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Human head transplant now possible, says neuroscientist

By Kristen Butler, UPI.com   |   July 1, 2013 at 1:07 PM   |   Comments

July 1 (UPI) -- Dr. Sergio Canavero, a member of the Turin Advanced Neuromodulation Group, has published a paper saying we now have the technology to complete the transplant of a human head onto another human body.

Robert White successfully transplanted the head of a rhesus monkey onto the body of another rhesus in 1970, but so far, scientists have been unable to connect spinal cords, leaving the animals paralyzed below the point of transplant.

“The greatest technical hurdle to cephalosomatic linkage [head transplant] is of course the reconnection of the donor’s and recipients spinal cords. It is my contention that the technology only now exists for such linkage,” Canavero wrote, citing recent advances in reconnecting surgically severed spinal cords.

Much of the procedure remains the same as in the old experiments. The head to be transplanted is cooled to between 12°C and 15°C (54.6°F and 59°F). Surgeons then have one hour to remove both heads at the same time, and re-connect the transplant head to the circulatory system of the donor body.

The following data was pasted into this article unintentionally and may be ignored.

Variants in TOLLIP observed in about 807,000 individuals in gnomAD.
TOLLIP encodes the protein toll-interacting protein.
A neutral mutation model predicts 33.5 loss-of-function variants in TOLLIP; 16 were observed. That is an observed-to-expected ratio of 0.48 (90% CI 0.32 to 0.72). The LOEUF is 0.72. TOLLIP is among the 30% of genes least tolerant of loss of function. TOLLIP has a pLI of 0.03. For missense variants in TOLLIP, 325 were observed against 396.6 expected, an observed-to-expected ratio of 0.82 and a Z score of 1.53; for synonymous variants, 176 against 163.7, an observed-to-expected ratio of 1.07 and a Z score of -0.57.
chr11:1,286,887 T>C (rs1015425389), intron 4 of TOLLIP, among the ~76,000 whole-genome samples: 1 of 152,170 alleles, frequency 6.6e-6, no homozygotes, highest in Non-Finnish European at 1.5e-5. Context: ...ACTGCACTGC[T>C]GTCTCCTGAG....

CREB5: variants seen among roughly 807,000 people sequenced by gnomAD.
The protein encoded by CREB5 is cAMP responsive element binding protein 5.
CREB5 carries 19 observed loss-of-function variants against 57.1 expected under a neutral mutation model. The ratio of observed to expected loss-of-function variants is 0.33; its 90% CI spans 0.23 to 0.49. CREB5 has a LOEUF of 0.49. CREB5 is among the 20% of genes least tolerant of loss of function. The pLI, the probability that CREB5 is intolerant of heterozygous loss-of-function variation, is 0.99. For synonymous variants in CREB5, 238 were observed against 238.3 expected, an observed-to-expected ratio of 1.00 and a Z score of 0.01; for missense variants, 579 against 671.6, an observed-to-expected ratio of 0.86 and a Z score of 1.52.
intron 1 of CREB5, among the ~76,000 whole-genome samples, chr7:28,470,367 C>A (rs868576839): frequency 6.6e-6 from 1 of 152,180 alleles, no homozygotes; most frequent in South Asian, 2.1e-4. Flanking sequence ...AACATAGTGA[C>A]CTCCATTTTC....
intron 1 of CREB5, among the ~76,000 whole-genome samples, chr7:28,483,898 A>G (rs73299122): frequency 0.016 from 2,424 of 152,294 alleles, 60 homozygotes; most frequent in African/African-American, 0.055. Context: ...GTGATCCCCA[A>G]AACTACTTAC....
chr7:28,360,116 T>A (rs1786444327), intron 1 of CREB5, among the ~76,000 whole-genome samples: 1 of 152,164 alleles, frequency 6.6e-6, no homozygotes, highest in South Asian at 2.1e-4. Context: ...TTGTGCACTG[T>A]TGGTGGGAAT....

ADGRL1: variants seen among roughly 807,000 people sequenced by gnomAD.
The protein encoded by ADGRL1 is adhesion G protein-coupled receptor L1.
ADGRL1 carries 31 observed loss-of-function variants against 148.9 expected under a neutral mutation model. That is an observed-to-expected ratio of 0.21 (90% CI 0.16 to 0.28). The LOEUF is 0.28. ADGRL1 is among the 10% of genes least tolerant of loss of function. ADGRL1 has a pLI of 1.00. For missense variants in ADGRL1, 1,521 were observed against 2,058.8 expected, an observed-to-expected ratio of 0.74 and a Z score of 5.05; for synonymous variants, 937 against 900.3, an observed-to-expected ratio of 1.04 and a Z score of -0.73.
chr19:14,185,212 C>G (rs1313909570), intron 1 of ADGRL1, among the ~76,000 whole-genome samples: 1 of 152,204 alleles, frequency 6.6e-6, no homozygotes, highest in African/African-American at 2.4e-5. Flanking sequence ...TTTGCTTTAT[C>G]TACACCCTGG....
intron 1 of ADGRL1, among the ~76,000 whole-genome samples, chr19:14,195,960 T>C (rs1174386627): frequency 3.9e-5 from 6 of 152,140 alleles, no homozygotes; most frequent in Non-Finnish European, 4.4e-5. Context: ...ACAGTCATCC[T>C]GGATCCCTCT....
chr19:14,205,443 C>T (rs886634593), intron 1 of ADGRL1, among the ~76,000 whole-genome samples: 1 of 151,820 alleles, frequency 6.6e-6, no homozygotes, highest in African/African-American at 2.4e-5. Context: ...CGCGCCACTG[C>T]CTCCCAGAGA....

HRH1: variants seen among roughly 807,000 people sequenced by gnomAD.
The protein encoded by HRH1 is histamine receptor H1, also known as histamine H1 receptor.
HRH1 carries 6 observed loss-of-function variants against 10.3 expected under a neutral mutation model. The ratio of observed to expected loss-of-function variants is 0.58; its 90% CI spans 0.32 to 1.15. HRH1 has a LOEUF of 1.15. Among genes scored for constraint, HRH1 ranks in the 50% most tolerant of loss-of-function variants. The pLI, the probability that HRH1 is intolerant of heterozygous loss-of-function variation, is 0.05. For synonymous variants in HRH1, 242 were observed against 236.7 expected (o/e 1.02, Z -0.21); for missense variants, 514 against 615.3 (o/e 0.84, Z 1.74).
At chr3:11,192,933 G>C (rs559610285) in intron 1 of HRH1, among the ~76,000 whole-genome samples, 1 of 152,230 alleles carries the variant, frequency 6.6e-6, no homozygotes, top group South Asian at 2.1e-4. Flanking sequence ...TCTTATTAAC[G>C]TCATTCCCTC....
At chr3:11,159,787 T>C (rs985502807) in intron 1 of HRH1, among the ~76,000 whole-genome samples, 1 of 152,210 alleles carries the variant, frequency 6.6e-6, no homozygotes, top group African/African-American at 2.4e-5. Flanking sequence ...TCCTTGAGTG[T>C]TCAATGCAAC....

During the reconnection procedure, the donor body must be chilled and total cardiac arrest induced. Once the head is reconnected, the heart of the donor body can be restarted.

Once the head is reconnected, Canavero says surgeons may now be able to proceed to reconnect the spinal cord. A head to body spinal connection has never been attempted in animals, but Canavero points to studies in which scientists have restored limited connectivity to a severed spinal cord in a rat.

In his paper, Canavero proposes cutting spinal cords with an extremely sharp knife, then mechanically connecting the spinal cord from one head to another body.

"It is this "clean cut" [which is] the key to spinal cord fusion, in that it allows proximally severed axons to be ‘fused’ with their distal counterparts. This fusion exploits so-called fusogens/sealants….[which] are able to immediately reconstitute (fuse/repair) cell membranes damaged by mechanical injury, independent of any known endogenous sealing mechanism."

Canavero speculates that plastics like polyethylene glycol (PEG) could be used to accomplish this fusing, citing research showing that PEG has allowed the fusing of severed spinal cords in dogs.

Patients with muscular dystrophy, or paraplegics with enough spinal cord left intact to allow for a transplant, could in theory achieve full use of a donor body. As long as they have the $13 million Canavero estimates a full head transplant would cost.

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